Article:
Despite having once written down that he wanted to play NFL football one day, a college-bound Justin harbored no illusions that he would eventually fulfill that prophecy. "Oh, no, no," he emphasizes. "My first year of college, even my second year, it wasn't something in my head. I was like, 'I'm going to get this [business] degree and then I'll figure it out.'"
A LOT ON HIS PLATE
In September 2011, the start of Justin's senior season at Presbyterian, he boarded a plane for the first time. Headed for San Francisco, he and his Presbyterian teammates would later be devoured 63-12 by the FBS-level (Division I) California Golden Bears at the waterfront ballpark where baseball's San Francisco Giants play their home games.
However, during the second quarter, Justin scored all of Presbyterian's points when he blocked and returned a punt 17 yards for a score, then intercepted and returned a pass for a 29-yard touchdown four minutes later. Both of the ensuing PAT/two-point attempts failed.
Having already attracted a modicum of attention from NFL scouts the previous season, Justin feels that this game opened more of their eyes to his pro potential. "We lost," he observes, "but I played well. That helped me show I can play against bigger competition. I scored all the points on our team, had some tackles, had a pick, blocked a kick – this is against a good team."
Even after being invited to the 2012 NFL Scouting Combine, the now 6-foot, 200-pound defensive back believed he'd become an undrafted rookie free agent, at best. The Arizona Cardinals surprised him by selecting him in Round 6. "Ten years down the road, I'm still here, still kicking it," he laughs.
An interesting and perhaps deliberate choice of words, as the kicking game would be how Justin Bethel made his name in the NFL. From 2013-15, he earned three consecutive Pro Bowl honors as a special teams contributor. After six seasons with the Cardinals, Justin joined Atlanta in 2018, then signed with Baltimore in 2019, but after just seven games, the Ravens released him. New England wasted no time adding him to the roster two days later and bolstering an already strong Patriots special teams depth chart. This past offseason, the Patriots re-signed Bethel to a three-year, $6 million contract.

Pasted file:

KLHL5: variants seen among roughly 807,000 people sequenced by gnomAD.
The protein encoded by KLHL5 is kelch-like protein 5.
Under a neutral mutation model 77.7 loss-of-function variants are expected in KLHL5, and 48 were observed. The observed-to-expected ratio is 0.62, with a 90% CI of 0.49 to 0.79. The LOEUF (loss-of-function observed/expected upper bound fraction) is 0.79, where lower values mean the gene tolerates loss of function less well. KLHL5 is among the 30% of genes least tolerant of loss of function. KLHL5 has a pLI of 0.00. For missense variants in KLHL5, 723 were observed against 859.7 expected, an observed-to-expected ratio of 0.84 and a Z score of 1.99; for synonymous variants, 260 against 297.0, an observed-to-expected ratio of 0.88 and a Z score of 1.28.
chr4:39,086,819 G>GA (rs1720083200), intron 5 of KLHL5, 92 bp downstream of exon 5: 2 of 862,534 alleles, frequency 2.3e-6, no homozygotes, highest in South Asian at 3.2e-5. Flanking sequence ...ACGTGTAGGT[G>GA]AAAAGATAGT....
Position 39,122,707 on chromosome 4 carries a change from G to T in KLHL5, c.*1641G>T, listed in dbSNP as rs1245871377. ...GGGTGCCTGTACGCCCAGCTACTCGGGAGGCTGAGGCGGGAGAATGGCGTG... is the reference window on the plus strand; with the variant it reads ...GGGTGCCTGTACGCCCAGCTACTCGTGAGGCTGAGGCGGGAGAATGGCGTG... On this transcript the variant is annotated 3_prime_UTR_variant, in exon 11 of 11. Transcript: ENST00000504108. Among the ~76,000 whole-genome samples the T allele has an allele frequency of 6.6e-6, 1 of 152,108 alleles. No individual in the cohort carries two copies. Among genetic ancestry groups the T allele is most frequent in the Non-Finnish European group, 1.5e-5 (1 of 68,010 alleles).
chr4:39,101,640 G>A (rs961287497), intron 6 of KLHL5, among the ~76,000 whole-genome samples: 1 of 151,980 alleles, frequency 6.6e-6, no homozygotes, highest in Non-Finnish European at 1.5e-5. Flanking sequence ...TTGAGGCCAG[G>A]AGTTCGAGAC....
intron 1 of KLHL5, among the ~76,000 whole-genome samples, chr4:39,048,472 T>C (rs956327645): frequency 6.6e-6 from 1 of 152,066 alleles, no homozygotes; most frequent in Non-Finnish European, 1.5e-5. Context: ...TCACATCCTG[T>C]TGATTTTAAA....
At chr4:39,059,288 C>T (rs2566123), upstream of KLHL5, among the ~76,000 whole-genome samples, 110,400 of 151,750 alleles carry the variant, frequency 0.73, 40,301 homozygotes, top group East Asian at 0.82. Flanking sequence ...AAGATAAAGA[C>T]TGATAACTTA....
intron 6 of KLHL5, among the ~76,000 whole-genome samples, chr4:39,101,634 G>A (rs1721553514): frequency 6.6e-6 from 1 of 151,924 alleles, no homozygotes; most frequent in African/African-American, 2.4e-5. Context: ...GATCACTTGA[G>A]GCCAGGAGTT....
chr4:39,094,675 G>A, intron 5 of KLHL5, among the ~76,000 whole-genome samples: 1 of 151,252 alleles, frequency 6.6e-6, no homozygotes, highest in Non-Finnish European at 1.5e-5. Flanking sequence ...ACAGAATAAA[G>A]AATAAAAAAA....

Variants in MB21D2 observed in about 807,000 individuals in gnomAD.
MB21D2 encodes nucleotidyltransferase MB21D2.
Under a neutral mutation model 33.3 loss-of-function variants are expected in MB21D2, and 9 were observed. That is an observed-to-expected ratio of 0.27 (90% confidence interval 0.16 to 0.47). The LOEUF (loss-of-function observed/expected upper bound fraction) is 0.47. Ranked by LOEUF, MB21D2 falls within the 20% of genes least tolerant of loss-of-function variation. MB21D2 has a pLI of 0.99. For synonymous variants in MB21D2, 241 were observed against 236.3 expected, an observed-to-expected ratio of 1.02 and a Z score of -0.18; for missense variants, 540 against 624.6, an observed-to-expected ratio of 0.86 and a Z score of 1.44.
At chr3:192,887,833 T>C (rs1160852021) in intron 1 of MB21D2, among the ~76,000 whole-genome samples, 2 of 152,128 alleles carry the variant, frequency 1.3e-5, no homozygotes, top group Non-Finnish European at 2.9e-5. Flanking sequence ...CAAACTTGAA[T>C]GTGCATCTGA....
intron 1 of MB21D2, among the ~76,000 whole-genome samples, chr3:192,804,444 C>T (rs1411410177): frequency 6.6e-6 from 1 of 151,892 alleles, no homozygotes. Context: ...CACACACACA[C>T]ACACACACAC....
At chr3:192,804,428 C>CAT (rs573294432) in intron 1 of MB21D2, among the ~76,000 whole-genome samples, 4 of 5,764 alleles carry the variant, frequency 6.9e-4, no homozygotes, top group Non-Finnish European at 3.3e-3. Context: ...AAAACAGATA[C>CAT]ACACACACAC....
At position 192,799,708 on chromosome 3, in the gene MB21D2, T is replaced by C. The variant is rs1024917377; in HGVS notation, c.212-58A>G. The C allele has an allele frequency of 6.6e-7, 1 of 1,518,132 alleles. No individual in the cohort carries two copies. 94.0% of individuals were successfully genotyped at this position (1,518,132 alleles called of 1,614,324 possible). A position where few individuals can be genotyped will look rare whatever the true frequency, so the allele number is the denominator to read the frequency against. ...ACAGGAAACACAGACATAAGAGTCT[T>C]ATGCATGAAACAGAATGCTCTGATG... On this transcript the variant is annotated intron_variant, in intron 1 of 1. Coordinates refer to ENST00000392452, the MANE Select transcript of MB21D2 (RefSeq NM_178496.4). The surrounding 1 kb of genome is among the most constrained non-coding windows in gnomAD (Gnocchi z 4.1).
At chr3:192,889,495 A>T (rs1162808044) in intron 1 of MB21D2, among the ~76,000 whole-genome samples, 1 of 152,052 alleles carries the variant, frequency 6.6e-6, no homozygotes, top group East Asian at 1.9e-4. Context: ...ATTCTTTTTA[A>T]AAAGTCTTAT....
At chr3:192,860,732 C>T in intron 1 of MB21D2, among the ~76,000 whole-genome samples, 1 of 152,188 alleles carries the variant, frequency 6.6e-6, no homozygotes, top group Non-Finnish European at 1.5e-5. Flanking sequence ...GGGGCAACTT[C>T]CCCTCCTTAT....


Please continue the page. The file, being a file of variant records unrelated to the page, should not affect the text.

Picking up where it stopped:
Here in Foxborough, while predominantly a special teams stalwart, Bethel has at times filled in at defensive back. This past October versus Dallas, for instance, he took over for Jonathan Jones at cornerback when the latter suffered an injury and almost immediately contributed with a deflected pass in the end zone that resulted in a Kyle Dugger interception.
When he's not playing football, Bethel finds fulfillment off the field. Throughout his tenure with the Patriots, Bethel has continued to play the drums, as he's done since his youth, and also developed a new interest, when time allows. A friend suggested he give modeling a try a few years back and wound up on the runway during New York Fashion Week in early 2020, prior to the onset of the coronavirus pandemic.
In the meantime, now that he and his wife, Breanna, have an infant daughter, Amiyah (who'll turn four months old on Christmas Eve), Justin enjoys following his father's example in the kitchen. "In general, I like baking, making desserts. I don't have a favorite dish. My wife and I like to make risotto. I like trying new things. I follow a whole bunch of food pages on Instagram. If I see something that looks interesting, I try to make it. I have a whole album full of desserts I try to make.
"Definitely have more energy [to cook] in the offseason, but if I have a day during the season, sometimes I whip something up. I do most of the cooking. And I enjoy when the family enjoys it."
"When I first got in the league," Bethel divulges, "I thought, if I could go seven years, that's a super long time. I couldn't imagine playing longer than that. Then I got to seven and felt pretty good, like I could do this a little longer. The time just flies now.
"I feel like this Patriots team is home … It's a little cold here for my taste," he jokes, "but I love the organization, the people I work with. It's a great atmosphere to play football in. This organization has a recipe for success, and it's always good to be part of a place that knows how to work hard and have fun."
In cooking, as in football, it's usually imperative to follow to recipe – or the game plan, if you will. But as Justin Bethel's life can attest, sometimes a little improvising and going off-script can yield surprisingly delicious results.